• custard apple, paw paw, soursop, cherimoya, guanabana, sherbet fruit - don't eat - can cause parkinsonism which is not responsive to levadopa treatment - don't eat seeds or peels
  • rose apple - seeds are poisonous

  • starfruit - contains a neurotoxin not present in other fruits = affects brain, nerves, kidneys
    normal kidneys will filter, kidney problems (moderate, chronic kidney failure patients) will not filter
  • toddy palm seeds - the red fruit around the seeds contains oxalic acid which burns - don't handle and certainly don't eat - it is the seeds which are eaten
Other reading:
Guide to Organic Pesticides from Mother Earth News
Nutritional Data - know what you eat
"Oxalate plays a key role in the neurotoxicity of star fruit"
A star fruit by any other name
Tropical fruit, herb teas linked to Parkinson's
Tropical fruit linked to Parkinsonism
Custard apple family (Annonaceae)
Plant Poisonings: hypoglycemics

Tomorrow: the user-friendly fruits and veggies


  1. A couple of comments to add to an excellent article.
    1) The protein thing is often overblown. Dr. Lieberman, on his old website, said that it actually applies to about 25% of us. I know that I thrive on protein and do best if I start the day with meds and a boiled egg. The only way to know is to test yourself.
    2) Every PWP should evaluate their relationship to wheat, particularly if they are blood type O. Hypersensitivity to particular proteins in the gluten can produce neurological symptoms and aggravate those of PD.

  2. Thank you for those helpful insights.

    Since this comment was received, I'm sure that many of us received the We newsletter about the study presented at the American Academy of Neurology on 4/29/09 in which Dr Y Tanaka, H Nishada, M Yamada, T Sakuri, Y Hayashi, A Kimura I Hozumi and T Inzuka discussed the fact that Motor Fluctuations in PD may not be influenced by gastric emptying. PD patients have slower stomach emptying than non-PD patients. Delayed "on time" caused by the slow stomach emptying only affected 50% of the PD patients in the study.
    It would appear that gluten sensitivity which can manifest as many symptoms other than intestinal distress is probably much more common than most of us realize. One symptom to be aware of is depression.

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  4. It has been revealed that farm workers who were exposed to pesticides were most likely to develop Parkinson disease. Dependence on organochlorines has been known to be a problem as it includes the infamous DDT and chlordane. US government has banned these chemicals.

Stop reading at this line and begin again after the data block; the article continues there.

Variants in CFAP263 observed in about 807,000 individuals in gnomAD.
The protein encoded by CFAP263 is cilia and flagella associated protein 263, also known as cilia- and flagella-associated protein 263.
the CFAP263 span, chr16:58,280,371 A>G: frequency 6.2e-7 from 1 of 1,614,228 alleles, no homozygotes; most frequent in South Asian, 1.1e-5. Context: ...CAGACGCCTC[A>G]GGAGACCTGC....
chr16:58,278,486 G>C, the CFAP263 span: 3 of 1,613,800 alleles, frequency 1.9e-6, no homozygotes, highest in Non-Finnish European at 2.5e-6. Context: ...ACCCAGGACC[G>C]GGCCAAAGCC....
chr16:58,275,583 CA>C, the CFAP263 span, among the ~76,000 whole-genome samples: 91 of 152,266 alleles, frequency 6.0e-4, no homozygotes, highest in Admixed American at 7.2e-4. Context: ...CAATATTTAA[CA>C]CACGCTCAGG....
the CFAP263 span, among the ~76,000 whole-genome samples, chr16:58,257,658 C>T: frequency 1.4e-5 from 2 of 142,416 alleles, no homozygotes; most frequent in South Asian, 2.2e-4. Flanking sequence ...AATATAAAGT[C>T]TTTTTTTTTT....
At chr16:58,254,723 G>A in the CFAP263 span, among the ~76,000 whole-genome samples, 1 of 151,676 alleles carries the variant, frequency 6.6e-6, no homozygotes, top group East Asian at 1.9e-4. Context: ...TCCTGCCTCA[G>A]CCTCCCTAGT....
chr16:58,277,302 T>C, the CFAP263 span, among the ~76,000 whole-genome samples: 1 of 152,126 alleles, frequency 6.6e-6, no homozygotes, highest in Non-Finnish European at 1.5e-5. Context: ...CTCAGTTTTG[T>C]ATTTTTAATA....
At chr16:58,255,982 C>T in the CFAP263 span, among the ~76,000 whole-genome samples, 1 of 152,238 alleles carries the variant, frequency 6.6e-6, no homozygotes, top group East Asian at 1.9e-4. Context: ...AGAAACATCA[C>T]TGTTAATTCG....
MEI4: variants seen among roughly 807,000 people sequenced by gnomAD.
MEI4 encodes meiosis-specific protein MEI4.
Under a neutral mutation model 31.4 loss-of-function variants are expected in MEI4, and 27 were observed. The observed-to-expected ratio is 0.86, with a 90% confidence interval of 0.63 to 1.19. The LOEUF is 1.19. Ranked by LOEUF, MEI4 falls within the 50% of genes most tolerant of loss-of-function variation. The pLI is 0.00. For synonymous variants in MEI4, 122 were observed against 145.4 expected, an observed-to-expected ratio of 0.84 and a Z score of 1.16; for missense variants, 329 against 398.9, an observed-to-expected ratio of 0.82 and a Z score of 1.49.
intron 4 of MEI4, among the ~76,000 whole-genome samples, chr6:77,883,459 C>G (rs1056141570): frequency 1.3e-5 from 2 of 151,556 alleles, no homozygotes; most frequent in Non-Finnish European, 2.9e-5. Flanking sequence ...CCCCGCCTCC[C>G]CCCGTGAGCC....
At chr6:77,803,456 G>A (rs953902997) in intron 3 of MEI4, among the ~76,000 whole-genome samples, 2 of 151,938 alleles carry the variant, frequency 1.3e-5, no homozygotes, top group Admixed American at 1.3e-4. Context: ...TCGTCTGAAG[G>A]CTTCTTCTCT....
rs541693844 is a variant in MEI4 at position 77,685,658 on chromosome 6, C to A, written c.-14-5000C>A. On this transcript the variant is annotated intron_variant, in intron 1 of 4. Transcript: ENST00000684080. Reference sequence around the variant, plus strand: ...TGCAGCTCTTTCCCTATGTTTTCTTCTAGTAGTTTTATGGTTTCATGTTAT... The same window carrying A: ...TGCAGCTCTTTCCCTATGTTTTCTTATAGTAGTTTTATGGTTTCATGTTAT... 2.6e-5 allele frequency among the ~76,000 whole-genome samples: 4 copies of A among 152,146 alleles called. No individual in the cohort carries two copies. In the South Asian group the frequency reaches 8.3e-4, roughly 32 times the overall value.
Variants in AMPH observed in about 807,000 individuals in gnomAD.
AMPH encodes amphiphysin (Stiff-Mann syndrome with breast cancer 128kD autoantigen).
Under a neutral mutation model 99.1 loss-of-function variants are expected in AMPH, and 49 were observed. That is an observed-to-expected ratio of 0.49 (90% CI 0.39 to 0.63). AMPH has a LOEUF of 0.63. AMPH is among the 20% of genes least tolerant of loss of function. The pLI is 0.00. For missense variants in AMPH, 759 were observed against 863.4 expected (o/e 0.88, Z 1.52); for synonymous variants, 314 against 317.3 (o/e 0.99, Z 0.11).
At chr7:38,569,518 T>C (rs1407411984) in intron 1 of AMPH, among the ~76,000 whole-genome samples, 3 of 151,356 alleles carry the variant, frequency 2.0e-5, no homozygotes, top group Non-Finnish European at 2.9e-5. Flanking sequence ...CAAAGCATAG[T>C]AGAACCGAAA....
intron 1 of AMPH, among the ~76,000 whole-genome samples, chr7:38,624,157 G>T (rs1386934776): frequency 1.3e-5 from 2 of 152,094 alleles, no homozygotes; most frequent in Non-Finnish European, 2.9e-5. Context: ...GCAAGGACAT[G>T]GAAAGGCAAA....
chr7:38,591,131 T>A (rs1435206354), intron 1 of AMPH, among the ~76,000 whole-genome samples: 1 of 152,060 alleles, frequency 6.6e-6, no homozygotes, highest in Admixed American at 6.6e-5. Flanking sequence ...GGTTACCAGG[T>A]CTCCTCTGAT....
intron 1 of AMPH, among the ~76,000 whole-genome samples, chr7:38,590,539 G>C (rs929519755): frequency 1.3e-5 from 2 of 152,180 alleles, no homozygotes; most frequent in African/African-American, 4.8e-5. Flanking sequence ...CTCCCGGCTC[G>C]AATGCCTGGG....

5. Hi, I lived for many years in South East Asia with my grandparents. My Grandmother had PD and so do I. The annonaceae fruits were very popular in our family, especially soursap, custard apple etc. I often wonder whether there is any real substantial literature on this in the West, as these fruits are relatively rare here. Or research, for that matter. The fact that these fruits are so strongly linked to PD could provide avenues for research too, into the mechanisms that cause neurons to malfunction and die.......

  6. You classify the "paw paw" as a tropical fruit. Are you referring to the papaya which is often called a paw paw in the tropics or are you referring to the non-tropical pawpaw which is native to North America?

  7. The native North American pawpaw is not the fruit to which various studies have pointed. We are indeed talking about the tropical fruits of the confusing references; sometimes called pawpaw and sometimes papaya.

    For additional information you can refer to a 1999 French West Indies study by doing a cut and paste of this link:

    Other helpful information was found during the 34 year Hawaiian study which has been referenced in other articles found at this blog site.

  8. They are not talking about the tropical papaya. They are talking about the non-tropical pawpaw "of the Annonaceae (custard apple or pawpaw family)".